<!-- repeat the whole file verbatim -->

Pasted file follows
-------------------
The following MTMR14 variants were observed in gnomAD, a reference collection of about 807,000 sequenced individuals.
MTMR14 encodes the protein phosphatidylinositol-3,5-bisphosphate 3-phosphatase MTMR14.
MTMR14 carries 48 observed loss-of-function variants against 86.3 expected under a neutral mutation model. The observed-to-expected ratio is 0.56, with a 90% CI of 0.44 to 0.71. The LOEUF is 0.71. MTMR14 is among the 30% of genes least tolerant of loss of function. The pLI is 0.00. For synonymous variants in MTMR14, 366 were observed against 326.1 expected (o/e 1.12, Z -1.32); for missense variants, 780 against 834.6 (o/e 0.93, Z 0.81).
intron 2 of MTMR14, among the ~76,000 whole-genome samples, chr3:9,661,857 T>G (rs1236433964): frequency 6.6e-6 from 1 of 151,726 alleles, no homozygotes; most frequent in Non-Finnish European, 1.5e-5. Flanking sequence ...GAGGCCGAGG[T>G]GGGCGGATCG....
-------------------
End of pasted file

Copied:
The following MTMR14 variants were observed in gnomAD, a reference collection of about 807,000 sequenced individuals.
MTMR14 encodes the protein phosphatidylinositol-3,5-bisphosphate 3-phosphatase MTMR14.
MTMR14 carries 48 observed loss-of-function variants against 86.3 expected under a neutral mutation model. The observed-to-expected ratio is 0.56, with a 90% CI of 0.44 to 0.71. The LOEUF is 0.71. MTMR14 is among the 30% of genes least tolerant of loss of function. The pLI is 0.00. For synonymous variants in MTMR14, 366 were observed against 326.1 expected (o/e 1.12, Z -1.32); for missense variants, 780 against 834.6 (o/e 0.93, Z 0.81).
intron 2 of MTMR14, among the ~76,000 whole-genome samples, chr3:9,661,857 T>G (rs1236433964): frequency 6.6e-6 from 1 of 151,726 alleles, no homozygotes; most frequent in Non-Finnish European, 1.5e-5. Flanking sequence ...GAGGCCGAGG[T>G]GGGCGGATCG....